During this period Betjeman received several awards, including the Foyle Poetry Prize (1955 and 1959), the Russell Loins Memorial Fund (1956), Duff Cooper Prize (1959), and the Queen’s Gold Medal for Poetry (1960). Betjeman was also declared Commander, Order of the British Empire (1960) and knighted (1969).
By this time Betjeman was also a beloved radio and television personality. It is perhaps no surprise, then, that his appointment as Poet Laureate in 1972 was much celebrated. While not all of Betjeman's poems written in this capacity were well received, as demonstrated in the criticisms of his hymn for Queen Elizabeth's Silver Jubilee, by this point Betjeman had reached celebrity status and was a figure of intense interest and scrutiny.
During the mid-seventies Betjeman was diagnosed with Parkinson's disease. However, he continued to write, publish, and appear on television. One of the last poetry compilations that he published in his lifetime includes Uncollected Poems (1982), which brings together a collection of poems omitted from earlier publications. In addition to his regular programs on radio and television, Betjeman also created a number of television documentaries in the mid- to late-seventies: Metro-Land (1973), A Passion for Churches (1974), Vicar of This Parish (1976), and Betjeman’s Dublin (1979).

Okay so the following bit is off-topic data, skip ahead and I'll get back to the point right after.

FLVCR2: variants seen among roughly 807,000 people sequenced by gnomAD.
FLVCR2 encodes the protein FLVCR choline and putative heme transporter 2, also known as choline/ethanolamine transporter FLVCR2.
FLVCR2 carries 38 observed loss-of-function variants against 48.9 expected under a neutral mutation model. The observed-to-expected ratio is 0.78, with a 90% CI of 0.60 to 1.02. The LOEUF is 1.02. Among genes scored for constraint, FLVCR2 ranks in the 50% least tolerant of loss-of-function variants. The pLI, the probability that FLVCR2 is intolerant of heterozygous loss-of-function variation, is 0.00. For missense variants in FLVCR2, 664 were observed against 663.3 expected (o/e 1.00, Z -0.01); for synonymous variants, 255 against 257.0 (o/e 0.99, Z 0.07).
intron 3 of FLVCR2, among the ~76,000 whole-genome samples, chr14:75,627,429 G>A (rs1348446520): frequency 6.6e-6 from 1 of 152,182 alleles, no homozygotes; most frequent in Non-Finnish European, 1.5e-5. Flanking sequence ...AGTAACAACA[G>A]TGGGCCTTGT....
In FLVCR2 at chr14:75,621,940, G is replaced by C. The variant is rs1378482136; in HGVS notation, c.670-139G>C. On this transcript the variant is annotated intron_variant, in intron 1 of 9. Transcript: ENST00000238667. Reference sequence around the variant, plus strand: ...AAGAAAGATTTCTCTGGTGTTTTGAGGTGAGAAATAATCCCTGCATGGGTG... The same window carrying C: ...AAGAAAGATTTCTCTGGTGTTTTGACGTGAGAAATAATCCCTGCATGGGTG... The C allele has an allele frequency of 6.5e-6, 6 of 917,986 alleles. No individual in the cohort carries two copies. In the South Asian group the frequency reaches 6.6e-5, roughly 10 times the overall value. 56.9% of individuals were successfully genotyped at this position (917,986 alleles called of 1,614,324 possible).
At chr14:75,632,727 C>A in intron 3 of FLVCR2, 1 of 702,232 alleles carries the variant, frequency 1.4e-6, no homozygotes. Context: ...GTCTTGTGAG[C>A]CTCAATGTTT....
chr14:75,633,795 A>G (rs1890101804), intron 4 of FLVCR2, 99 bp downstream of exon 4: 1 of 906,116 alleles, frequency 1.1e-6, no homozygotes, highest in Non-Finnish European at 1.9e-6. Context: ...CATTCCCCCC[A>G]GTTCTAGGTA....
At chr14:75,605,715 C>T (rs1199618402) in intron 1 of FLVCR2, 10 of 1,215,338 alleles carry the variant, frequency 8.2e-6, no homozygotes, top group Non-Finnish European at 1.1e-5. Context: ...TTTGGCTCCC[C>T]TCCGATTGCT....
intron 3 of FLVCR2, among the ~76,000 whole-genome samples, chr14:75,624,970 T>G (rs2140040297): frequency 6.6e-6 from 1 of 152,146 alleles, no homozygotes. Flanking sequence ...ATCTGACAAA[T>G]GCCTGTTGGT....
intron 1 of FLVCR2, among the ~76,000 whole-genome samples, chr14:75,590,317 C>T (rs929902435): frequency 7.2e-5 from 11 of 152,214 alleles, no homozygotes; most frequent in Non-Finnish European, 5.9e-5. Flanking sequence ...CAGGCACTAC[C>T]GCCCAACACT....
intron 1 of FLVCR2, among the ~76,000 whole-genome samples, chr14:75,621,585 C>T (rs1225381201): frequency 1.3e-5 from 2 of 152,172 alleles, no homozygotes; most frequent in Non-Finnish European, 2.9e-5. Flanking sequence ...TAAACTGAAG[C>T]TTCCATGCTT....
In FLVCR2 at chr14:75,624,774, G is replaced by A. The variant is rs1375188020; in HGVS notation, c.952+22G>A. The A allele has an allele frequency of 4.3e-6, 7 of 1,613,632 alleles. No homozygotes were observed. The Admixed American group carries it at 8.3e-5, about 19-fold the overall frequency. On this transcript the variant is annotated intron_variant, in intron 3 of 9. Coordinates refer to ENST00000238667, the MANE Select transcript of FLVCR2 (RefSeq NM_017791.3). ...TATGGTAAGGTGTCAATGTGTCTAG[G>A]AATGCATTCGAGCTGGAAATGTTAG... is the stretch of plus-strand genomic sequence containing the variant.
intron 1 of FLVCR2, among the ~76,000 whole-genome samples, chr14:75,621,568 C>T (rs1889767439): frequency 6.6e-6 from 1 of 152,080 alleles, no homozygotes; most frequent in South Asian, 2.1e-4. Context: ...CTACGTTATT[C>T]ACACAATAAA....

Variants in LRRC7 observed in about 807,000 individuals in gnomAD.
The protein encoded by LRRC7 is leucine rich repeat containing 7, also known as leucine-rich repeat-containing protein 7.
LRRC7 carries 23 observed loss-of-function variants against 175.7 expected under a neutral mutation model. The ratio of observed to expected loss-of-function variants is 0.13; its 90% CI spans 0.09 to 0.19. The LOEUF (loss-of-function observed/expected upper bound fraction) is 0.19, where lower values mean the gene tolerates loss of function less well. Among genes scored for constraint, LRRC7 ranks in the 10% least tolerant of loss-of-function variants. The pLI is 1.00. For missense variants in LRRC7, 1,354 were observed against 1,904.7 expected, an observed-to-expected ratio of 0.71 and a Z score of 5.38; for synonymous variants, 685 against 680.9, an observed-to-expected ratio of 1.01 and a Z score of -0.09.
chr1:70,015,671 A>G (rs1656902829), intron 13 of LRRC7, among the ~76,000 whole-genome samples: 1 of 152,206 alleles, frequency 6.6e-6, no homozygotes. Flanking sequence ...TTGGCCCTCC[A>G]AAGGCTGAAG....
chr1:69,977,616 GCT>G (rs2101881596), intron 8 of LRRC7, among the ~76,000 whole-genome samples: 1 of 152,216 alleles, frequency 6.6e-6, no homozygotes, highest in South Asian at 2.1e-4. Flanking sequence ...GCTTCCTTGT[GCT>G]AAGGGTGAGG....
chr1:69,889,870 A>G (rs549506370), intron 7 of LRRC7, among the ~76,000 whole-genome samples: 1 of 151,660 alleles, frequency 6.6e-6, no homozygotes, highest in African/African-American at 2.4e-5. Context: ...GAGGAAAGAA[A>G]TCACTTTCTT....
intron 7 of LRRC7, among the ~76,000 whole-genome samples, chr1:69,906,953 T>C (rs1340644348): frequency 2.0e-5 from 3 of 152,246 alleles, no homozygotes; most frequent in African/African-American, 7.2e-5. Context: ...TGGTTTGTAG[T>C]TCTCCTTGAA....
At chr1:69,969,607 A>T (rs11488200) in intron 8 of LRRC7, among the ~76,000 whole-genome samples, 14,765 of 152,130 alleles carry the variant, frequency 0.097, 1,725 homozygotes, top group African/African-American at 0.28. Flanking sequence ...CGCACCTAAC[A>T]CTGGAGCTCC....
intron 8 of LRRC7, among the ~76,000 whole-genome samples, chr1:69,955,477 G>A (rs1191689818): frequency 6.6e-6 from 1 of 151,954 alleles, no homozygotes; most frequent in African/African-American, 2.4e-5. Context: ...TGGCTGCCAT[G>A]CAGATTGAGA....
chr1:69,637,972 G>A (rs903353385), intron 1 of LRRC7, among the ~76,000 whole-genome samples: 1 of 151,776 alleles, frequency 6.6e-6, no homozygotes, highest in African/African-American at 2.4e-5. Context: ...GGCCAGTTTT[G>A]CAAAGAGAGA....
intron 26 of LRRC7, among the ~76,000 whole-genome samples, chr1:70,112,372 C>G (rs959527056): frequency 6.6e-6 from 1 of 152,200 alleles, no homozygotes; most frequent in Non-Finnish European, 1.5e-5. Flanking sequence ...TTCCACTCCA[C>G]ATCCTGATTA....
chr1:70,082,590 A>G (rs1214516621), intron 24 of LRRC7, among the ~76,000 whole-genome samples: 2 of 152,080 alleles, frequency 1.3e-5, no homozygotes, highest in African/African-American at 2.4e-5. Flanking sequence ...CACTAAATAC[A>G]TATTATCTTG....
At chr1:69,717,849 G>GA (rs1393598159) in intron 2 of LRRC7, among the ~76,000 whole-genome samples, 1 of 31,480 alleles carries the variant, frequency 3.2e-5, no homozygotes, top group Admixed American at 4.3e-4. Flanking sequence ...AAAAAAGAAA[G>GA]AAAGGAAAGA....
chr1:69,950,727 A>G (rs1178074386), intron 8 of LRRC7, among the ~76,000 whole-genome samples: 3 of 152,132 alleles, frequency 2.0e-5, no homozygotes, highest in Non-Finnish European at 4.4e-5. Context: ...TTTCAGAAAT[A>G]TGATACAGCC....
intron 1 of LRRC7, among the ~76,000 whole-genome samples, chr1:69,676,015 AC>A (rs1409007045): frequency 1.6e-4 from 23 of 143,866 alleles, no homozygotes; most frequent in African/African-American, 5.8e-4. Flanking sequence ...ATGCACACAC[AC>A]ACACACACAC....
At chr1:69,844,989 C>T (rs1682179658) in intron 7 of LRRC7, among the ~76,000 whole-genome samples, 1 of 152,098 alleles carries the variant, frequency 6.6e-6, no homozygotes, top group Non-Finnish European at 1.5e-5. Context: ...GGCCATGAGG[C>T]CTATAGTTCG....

After a series of strokes and further deterioration due to Parkinson’s, Betjeman died on May 19, 1984.
Penelope Chetwode published Two Middle-Aged Ladies in Andalusia (1963) and Kulu: The End of the Habitable World (1972), as well as a series of articles. She was born in 1910 to Field Marshal Sir Philip Walhouse Chetwode (first Baron Chetwode) and Lady Alice Hester Camilla Chetwode (née Cotton). Having lived in India while her father served there as Commander-in-Chief, she maintained a lifelong interest in Indian culture and architecture. In fact, Chetwode initially met Betjeman when she submitted an article on the archaeological site Ellora (Maharashtra, India) to Architectural Review at the recommendation of Robert Byron. Throughout her life, Chetwode researched and wrote about Indian architecture and traveled there frequently (often leading tours). She died in the Himalayas in 1986.
From the guide to the John Betjeman collection, 1908-2002, 1936-1984, (Beinecke Rare Book and Manuscript Library)